7.5, all constituents of the tablet and their reaction prod
ucts being completely soluble in Water, and capping, seal
ing and sterilizing the vials.
gives optimum results. Any other formulation which will
citric acid a ?nal product having a pH between 6.8 and
give a tablet having approximately the same rate of
2. A process according to claim 1 in which the amount
evolution of bicarbonate may be used. The present in
of citric acid approximates 35 milligrams per 50 milli
vention requires a bicarbonate tablet, the rate of solution
liters of culture medium and the amount of sodium bi
of which is such that there will be negligible carbon di
carbonate in the tablet approximates 125 milligrams per
oxide formation for from 5 to 10‘ minutes. It is not, 10 50 milliliters of culture medium.
3. A process according to claim 1 in which the vial is
however, concerned with the details of the manufacture
of such tablets, the manufacturing processes being well
allowed to remain uncapped for approximately three min
known, but it is necessary that they be controlled to pro
utes.
duce tablets having the desired rate of solution.
4. A process according to claim 1 in which the tablet
We claim:
15 consists essentially ‘of sodium bicarbonate, a binder and a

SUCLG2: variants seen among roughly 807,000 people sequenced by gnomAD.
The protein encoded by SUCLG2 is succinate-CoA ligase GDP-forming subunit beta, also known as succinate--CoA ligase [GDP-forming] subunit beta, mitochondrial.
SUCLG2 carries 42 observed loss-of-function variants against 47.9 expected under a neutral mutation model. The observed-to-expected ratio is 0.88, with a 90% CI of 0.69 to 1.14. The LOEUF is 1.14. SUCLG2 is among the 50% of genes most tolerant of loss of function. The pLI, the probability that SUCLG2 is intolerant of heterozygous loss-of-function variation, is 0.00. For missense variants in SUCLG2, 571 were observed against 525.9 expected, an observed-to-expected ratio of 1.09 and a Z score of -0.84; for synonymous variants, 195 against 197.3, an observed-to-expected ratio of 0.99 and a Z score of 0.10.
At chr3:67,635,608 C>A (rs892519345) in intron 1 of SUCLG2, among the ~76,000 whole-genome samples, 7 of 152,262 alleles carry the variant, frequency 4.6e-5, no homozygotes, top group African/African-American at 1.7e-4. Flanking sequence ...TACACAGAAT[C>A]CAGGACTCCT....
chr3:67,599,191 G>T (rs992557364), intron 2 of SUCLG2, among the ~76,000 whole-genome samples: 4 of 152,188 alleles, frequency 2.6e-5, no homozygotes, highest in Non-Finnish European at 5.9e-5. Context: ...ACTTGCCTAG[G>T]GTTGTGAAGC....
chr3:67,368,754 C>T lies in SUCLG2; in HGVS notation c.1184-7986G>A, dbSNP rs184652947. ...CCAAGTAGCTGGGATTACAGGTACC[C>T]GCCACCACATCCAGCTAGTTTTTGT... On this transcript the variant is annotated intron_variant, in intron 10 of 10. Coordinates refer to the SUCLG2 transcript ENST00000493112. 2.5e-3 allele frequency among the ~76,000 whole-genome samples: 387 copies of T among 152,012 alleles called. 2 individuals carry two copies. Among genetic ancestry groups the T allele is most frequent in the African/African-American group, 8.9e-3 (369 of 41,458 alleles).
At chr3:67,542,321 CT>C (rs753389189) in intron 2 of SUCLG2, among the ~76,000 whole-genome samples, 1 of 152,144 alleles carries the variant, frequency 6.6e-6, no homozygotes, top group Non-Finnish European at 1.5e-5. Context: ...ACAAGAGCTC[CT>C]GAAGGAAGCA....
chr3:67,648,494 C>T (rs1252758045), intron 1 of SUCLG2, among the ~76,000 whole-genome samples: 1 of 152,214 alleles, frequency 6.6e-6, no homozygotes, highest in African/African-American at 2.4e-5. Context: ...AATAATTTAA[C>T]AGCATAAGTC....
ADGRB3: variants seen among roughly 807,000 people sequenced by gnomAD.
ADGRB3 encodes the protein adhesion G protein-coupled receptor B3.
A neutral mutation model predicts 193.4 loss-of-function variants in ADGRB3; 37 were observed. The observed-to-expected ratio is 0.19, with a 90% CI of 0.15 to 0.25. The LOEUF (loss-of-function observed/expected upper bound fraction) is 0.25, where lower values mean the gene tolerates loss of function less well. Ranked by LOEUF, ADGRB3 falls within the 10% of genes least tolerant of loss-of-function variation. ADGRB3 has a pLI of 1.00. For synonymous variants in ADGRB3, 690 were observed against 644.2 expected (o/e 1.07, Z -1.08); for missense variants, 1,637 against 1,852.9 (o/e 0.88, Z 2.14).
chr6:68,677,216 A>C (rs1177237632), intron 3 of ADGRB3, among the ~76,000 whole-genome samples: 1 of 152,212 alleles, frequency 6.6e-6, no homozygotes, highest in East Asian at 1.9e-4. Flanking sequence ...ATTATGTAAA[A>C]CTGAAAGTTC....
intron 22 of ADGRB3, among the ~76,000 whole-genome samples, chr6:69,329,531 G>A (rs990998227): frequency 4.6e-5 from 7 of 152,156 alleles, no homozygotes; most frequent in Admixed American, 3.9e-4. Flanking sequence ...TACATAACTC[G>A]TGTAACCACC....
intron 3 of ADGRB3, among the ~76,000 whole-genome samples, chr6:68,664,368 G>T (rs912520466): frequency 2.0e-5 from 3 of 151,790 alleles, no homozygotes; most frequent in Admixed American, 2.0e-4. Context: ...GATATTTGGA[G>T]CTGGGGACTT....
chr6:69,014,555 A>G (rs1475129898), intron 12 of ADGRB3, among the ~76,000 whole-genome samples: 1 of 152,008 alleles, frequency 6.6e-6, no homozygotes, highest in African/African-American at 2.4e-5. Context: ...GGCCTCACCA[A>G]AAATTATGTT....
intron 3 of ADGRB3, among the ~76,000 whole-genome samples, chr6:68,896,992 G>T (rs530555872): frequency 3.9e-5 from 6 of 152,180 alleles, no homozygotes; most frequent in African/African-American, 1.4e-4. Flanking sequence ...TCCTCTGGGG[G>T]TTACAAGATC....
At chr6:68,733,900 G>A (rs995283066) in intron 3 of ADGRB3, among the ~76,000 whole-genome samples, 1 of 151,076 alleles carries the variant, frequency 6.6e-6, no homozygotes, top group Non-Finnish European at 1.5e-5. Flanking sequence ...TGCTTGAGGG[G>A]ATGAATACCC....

1. A process for the production of scaled sterile vials
solubility retarding material.
containing sterile culture medium which comprises in
5. A process according to claim 4 in which the tablet
corporating in the culture medium in each vial an amount
binder is sucrose and the solubility retarding material is
of citric acid which on reaction with a bicarbonate will
polyethylene glycol 6000.
produce a volume of carbon dioxide approximating 10% 20
6. A process according to claim 4 in which the tablet
of the free space above the culture medium in the vial,
has a minimum Strong-Cobb hardness of 20.
adding a bicarbonate in the form of a delayed dissolving
tablet, the rate of dissolution being such that there is
References Cited in the ?le of this patent
negligible carbon dioxide production for from 5 to 10
UNITED STATES PATENTS
minutes, the tablet containing materials which, except 25
for reaction with the citric acid, will not decompose at
2,603,569
Alther et al. __________ __ July 15, 1952
autoclaving temperatures of 15 pounds per square inch,
2,706,702
Carski ______________ __ Apr. 19, 1955
do not result in the production of bacteriostatic and
2,984,543
Smith et al. __________ __ May 16, 1961